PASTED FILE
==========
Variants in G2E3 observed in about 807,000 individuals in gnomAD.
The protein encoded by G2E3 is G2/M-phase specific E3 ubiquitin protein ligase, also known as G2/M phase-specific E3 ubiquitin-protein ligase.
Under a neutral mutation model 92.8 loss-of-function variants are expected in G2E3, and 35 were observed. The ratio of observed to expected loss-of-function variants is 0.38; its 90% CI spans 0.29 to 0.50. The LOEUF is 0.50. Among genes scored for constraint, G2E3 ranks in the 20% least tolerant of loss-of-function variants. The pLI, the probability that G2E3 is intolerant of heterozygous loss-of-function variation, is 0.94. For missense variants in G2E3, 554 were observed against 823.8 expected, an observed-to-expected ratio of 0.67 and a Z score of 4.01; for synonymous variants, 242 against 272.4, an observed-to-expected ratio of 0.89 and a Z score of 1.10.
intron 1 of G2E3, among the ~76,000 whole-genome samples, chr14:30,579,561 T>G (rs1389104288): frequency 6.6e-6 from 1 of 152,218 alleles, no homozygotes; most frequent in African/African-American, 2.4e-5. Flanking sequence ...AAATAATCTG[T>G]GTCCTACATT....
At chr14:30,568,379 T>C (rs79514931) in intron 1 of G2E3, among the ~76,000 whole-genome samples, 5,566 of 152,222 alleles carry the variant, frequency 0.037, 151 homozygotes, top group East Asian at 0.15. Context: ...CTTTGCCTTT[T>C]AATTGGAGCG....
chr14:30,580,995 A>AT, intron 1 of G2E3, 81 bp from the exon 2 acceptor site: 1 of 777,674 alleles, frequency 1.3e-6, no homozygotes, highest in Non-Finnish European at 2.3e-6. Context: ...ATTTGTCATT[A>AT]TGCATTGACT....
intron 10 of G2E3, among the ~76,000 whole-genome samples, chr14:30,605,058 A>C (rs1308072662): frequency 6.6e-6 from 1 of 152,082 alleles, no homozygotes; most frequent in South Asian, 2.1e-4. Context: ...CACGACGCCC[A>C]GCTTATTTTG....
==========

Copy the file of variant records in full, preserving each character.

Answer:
Variants in G2E3 observed in about 807,000 individuals in gnomAD.
The protein encoded by G2E3 is G2/M-phase specific E3 ubiquitin protein ligase, also known as G2/M phase-specific E3 ubiquitin-protein ligase.
Under a neutral mutation model 92.8 loss-of-function variants are expected in G2E3, and 35 were observed. The ratio of observed to expected loss-of-function variants is 0.38; its 90% CI spans 0.29 to 0.50. The LOEUF is 0.50. Among genes scored for constraint, G2E3 ranks in the 20% least tolerant of loss-of-function variants. The pLI, the probability that G2E3 is intolerant of heterozygous loss-of-function variation, is 0.94. For missense variants in G2E3, 554 were observed against 823.8 expected, an observed-to-expected ratio of 0.67 and a Z score of 4.01; for synonymous variants, 242 against 272.4, an observed-to-expected ratio of 0.89 and a Z score of 1.10.
intron 1 of G2E3, among the ~76,000 whole-genome samples, chr14:30,579,561 T>G (rs1389104288): frequency 6.6e-6 from 1 of 152,218 alleles, no homozygotes; most frequent in African/African-American, 2.4e-5. Flanking sequence ...AAATAATCTG[T>G]GTCCTACATT....
At chr14:30,568,379 T>C (rs79514931) in intron 1 of G2E3, among the ~76,000 whole-genome samples, 5,566 of 152,222 alleles carry the variant, frequency 0.037, 151 homozygotes, top group East Asian at 0.15. Context: ...CTTTGCCTTT[T>C]AATTGGAGCG....
chr14:30,580,995 A>AT, intron 1 of G2E3, 81 bp from the exon 2 acceptor site: 1 of 777,674 alleles, frequency 1.3e-6, no homozygotes, highest in Non-Finnish European at 2.3e-6. Context: ...ATTTGTCATT[A>AT]TGCATTGACT....
intron 10 of G2E3, among the ~76,000 whole-genome samples, chr14:30,605,058 A>C (rs1308072662): frequency 6.6e-6 from 1 of 152,082 alleles, no homozygotes; most frequent in South Asian, 2.1e-4. Context: ...CACGACGCCC[A>C]GCTTATTTTG....